Bully is the 2001 film from director Larry Clark (Kids, Another Day in Paradise.) It is the true story of a group of Florida teenagers who decide to impulsively murder an abusive boy in their social circle. The film stars Bijou Phillips, Rachel Miner, Nick Stahl, Michael Pitt and Brad Renfro. It is based on the 1998 novel Bully: A True Story of High School Revenge by Jim Schutze, which was based on the 1993 murder of Bobby Kent.
Essentially, a boy named Marty had been physically and verbally abused his whole life by his “best friend” Bobby. Although both of the boys’ parents were somewhat aware of their unhealthy relationship, an although Marty did take small measures to escape Bobby, it wasn’t enough; they remained “friends,” and the abuse continued. A girl named Lisa starts dating Marty and gets pregnant. She claims to hate the abuse Marty endures and convinces him that the only solution would be to kill Bobby. While contriving their plan, they somehow manage to get five of their peers to assist in the murder, and it’s carried out. Their initial power in numbers decreases when some start to tell outsiders about the murder, leading to the arrest of all seven participants.
Being released almost a decade after the actual murders, and without the luxury of knowing all the details of these people’s lives before the murder occurred, this film may seem unrealistic, and the actions of the people involved downright ludicrous. Even though this took place in the early 90s, forensic evidence did still exist, yet these kids didn’t even seem to recognize the word “alibi.” The crime was disorganized, sloppy, and there were certainly far too many people involved. However, the most unbelievable part of the case is why the murder was carried out.
If you believe in an eye for an eye, then Kent should have suffered the same abuse he inflicted on others. Instead of giving him a warning with the same physical abuse he dished out however, Marty and his gang decide that murder is the only feasible solution. If Marty was scared, it seems he could have hired the same “hit-man” that assisted in the murder to scare Bobby with a beating, or at the very least tell Bobby to leave Marty alone. Although Marty was probably too ashamed to do this, he also could have found a way to notify police about the issue, or portray a cry for help to his family, who hopefully would then get some higher authority involved (While this may have seemed out of the question in his older years, he could have done this in his younger years before the abuse spiraled out of control.) Basically, there was no need to murder Kent; something could and should have been done years before.
In addition, the participation of everyone involved seemed almost too unreal to believe. Those who didn’t even know Kent went along with the plan simply cause they were bored, and like most young people do, they swallowed all the bad talk about Kent from Lisa without questioning whether or not it had validity; even Donnie was conversing and getting along with Bobby in the car before he helped stab him to death. The film made it seem as if each of these kids were thrown plenty of warning signs and given plenty of moments to back out on the plan, but the consequences of murder didn’t seem to outweigh being called a coward or a bad friend. Lisa, who was essentially the one to orchestrate the whole thing according to the film, didn’t truly seem concerned about Marty’s welfare in regards to the abuse, but simply wanted him to herself because she got pregnant. While it was stupid for Marty to agree, from his perspective, a girl he cares for just gave him the ultimate solution to end all the abuse forever. Killing Bobby would help erase his past and allow him to start over. So Marty was perhaps the one participant who had some sort of justification for being mad enough to commit murder; of course, he’s the only one who got a death sentence.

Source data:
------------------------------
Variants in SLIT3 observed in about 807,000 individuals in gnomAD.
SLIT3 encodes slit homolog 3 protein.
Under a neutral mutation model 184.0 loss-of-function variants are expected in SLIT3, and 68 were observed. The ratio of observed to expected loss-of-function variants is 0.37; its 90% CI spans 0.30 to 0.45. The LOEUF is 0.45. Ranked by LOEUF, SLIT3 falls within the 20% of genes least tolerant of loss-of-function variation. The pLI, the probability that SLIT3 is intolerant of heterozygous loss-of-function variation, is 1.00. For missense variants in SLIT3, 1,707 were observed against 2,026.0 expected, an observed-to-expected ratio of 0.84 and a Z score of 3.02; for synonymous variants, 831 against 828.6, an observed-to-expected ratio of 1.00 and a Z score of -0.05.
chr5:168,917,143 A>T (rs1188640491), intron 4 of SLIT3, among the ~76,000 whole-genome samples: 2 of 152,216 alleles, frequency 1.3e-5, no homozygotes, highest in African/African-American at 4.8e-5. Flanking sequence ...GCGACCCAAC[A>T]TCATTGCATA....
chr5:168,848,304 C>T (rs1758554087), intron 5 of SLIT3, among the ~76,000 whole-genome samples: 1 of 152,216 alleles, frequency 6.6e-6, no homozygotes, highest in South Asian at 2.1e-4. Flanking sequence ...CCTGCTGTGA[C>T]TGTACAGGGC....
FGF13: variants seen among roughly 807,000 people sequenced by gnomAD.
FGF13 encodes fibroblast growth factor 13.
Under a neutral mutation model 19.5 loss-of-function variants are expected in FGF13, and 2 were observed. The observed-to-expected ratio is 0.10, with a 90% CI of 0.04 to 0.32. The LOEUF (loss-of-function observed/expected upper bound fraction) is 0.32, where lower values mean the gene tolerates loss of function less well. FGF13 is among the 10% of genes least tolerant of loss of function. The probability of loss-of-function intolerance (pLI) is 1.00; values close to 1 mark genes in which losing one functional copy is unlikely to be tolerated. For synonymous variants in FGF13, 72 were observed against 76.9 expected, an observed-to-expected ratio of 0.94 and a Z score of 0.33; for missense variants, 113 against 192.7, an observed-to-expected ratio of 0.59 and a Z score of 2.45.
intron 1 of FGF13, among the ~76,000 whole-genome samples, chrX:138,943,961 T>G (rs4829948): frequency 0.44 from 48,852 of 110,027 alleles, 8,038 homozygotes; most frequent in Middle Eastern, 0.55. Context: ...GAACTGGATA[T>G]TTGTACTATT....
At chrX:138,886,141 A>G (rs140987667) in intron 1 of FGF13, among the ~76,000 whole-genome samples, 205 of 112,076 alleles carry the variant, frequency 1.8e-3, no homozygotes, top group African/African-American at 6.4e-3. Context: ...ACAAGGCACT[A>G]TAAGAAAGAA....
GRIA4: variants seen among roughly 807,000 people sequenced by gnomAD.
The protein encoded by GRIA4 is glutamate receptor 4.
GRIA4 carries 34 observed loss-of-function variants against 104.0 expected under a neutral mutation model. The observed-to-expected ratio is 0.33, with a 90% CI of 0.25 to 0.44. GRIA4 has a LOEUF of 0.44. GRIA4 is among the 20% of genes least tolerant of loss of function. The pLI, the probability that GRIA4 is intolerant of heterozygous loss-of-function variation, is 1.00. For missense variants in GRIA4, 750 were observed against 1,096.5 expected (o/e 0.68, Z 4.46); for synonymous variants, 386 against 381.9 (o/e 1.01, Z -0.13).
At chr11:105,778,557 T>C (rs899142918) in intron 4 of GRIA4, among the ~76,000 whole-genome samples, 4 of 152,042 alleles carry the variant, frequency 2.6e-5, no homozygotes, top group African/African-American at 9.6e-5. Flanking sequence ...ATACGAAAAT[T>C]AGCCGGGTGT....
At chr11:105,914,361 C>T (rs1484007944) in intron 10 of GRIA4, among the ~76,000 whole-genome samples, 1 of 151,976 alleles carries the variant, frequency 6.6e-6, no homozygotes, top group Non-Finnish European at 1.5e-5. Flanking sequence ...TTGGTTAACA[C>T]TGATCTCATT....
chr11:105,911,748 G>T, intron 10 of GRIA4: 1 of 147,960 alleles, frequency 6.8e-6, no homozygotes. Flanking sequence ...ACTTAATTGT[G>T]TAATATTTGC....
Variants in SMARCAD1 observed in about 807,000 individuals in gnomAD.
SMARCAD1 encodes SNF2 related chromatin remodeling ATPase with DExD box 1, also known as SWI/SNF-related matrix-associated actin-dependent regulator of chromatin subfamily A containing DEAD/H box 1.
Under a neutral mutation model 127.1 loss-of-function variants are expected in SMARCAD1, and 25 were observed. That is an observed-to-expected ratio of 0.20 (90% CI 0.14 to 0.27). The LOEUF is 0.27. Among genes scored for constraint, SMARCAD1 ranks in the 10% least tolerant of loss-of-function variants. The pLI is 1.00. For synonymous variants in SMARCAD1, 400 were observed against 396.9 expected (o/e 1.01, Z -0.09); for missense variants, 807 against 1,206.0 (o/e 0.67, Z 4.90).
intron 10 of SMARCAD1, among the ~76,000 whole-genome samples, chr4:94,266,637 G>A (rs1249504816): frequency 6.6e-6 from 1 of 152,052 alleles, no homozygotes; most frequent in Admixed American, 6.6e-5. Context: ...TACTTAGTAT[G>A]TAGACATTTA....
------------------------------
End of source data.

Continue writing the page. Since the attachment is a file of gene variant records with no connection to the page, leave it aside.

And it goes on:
As far as why Bobby abused Marty, perhaps Bobby had a combination of jealous an intimate feelings towards Marty. We can clearly see he has homosexual tendencies but denies it, and sleeping with women only makes him hate women even more. To act on this “crush” though would mean to outcast himself from family and society, not to mention it would break his dominant hold on Marty, which seems to be the only thing in life he has control of. Bobby is frequently seen washing his hands in the film, suggesting he has OCD, which stems from anxiety. What the film makes unclear, and perhaps what Clark didn’t have time to fit in, (or perhaps what was never known) is why this obviously insecure and anxious person felt the way he did. His parents, while being suffocating and perhaps not understanding, do not seem even verbally abusive, although certain statements from his father made me think otherwise (“The best future you can have is to be your own master.”) Still, this can be summed up to parental pressure at best. I’m curious to know more details of Bobby’s life as usually someone inflicting abuse has received it themselves.
Overall, while Kent was definitely guilty of some things and perhaps should have suffered as a result, the people who murdered him were far from innocent, and as the concluding courtroom scene shows, no one was remorseful, even after being sentenced. Their collective immaturity hung in the air while they continued to blame each other for a murder they all took part in. In the end, three of the participants were given life in prison, while Marty was given the death penalty (although during the time of the film it was appealed to life in prison.)